By 1990, Ab­del Rah­man had re­turned to Egypt, where he was un­der close watch by au­thor­i­ties and barred from leav­ing the coun­try. He man­aged to es­cape, ac­cord­ing to one ac­count, by be­ing smug­gled out in a wash­ing ma­chine.

De­spite be­ing on anti-ter­ror­ism watch lists, he trav­eled to Su­dan, where he re­ceived a visa to en­ter the United States. Af­ter his ar­rival in New Jersey, he ob­tained a green card for res­i­dency. When it was re­voked in 1992, he asked for po­lit­i­cal asy­lum.

Ab­del Rah­man had two wives and 10 chil­dren; a com­plete list of sur­vivors could not be con­firmed. One of his sons, Ahmed Ab­del Rah­man, was killed by a U.S. drone strike in Afghanistan in 2011.

In 2005, one of his lawyers, Lynne Ste­wart, was con­victed of pro­vid­ing ma­te­rial aid to a ter­ror­ist or­ga­ni­za­tion for smug­gling mes­sages from Ab­del Rah­man to the al-Gama al-Is­lamiyya or­ga­ni­za­tion. Af­ter first re­ceiv­ing a 28month prison sen­tence, which she be­gan to serve in 2009, she was re­sen­tenced in 2010 — to 10 years — but was re­leased in 2013 for health rea­sons.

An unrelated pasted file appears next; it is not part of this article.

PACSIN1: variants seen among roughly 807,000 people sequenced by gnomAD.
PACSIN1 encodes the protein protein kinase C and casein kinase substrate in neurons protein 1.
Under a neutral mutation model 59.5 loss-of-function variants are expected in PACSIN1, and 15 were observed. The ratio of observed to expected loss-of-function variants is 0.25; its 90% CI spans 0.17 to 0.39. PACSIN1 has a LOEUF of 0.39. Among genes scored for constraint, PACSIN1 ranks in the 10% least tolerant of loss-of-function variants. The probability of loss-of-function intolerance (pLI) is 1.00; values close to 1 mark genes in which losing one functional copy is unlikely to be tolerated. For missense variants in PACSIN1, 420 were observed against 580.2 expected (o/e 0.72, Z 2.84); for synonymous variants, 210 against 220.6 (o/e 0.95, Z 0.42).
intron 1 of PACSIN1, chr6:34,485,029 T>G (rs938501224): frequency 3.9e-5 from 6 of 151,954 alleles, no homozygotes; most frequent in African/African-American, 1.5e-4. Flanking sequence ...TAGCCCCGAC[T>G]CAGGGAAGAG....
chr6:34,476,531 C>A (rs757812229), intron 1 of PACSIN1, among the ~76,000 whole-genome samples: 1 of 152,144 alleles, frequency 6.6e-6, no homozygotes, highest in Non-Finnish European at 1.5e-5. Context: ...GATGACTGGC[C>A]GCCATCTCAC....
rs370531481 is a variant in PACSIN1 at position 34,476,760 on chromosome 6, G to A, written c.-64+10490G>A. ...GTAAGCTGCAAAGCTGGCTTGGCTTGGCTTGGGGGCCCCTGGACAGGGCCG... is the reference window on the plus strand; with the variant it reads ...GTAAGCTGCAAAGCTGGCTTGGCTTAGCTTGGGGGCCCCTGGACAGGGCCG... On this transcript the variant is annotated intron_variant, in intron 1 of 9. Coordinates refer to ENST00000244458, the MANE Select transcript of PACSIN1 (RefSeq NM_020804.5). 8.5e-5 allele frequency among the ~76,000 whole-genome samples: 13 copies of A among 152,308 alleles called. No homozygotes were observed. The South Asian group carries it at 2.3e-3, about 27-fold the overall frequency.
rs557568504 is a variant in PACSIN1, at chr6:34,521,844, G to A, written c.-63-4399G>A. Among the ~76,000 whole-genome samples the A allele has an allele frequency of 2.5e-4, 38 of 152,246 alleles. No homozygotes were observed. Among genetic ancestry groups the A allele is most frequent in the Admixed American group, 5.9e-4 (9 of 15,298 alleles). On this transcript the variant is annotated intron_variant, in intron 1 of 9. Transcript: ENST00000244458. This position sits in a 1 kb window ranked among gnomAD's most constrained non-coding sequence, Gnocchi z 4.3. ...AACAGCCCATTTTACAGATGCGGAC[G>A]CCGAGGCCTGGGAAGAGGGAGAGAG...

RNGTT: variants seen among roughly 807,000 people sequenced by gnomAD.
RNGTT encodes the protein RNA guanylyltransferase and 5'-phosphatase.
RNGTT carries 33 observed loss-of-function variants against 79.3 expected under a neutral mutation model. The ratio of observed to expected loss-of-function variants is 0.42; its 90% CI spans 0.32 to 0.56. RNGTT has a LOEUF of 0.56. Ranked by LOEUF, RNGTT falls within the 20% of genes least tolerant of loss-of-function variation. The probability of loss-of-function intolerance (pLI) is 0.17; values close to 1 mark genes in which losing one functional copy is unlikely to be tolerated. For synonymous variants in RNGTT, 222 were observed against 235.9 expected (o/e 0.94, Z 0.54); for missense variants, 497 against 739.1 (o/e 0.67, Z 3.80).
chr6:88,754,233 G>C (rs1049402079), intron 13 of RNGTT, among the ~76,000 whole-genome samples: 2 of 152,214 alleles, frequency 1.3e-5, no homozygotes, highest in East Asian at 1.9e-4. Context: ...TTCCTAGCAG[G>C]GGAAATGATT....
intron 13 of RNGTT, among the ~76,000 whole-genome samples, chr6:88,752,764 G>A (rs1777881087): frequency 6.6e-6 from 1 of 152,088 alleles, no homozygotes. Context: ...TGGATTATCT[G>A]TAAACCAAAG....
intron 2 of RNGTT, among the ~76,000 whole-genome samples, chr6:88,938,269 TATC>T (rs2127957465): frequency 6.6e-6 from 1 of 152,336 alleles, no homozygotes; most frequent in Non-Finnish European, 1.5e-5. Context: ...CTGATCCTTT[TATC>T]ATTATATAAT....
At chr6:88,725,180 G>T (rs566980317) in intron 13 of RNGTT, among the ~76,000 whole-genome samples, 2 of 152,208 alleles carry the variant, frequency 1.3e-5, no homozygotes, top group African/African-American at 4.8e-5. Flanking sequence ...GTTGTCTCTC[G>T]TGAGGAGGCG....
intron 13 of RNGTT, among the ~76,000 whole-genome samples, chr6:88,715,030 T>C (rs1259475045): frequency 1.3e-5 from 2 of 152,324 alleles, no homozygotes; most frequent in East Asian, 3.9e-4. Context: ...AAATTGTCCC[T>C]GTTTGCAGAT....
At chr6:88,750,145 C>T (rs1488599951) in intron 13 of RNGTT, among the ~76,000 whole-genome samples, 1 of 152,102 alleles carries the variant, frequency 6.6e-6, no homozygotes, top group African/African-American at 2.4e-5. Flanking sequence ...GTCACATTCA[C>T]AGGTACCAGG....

In 2012, Egypt’s pres­i­dent, Mo­hamed Morsi, called for Ab­del Rah­man to be trans­ferred to Egypt for “hu­man­i­tar­ian rea­sons” as part of a pris­oner ex­change with the United States.

The re­quest was de­nied.


Omar Ab­del Rah­man, in 1993, dur­ing a news con­fer­ence in Jersey City. He was linked to the 1993 World Trade Cen­ter bomb­ing but was in­stead con­victed of broader con­spir­acy charges.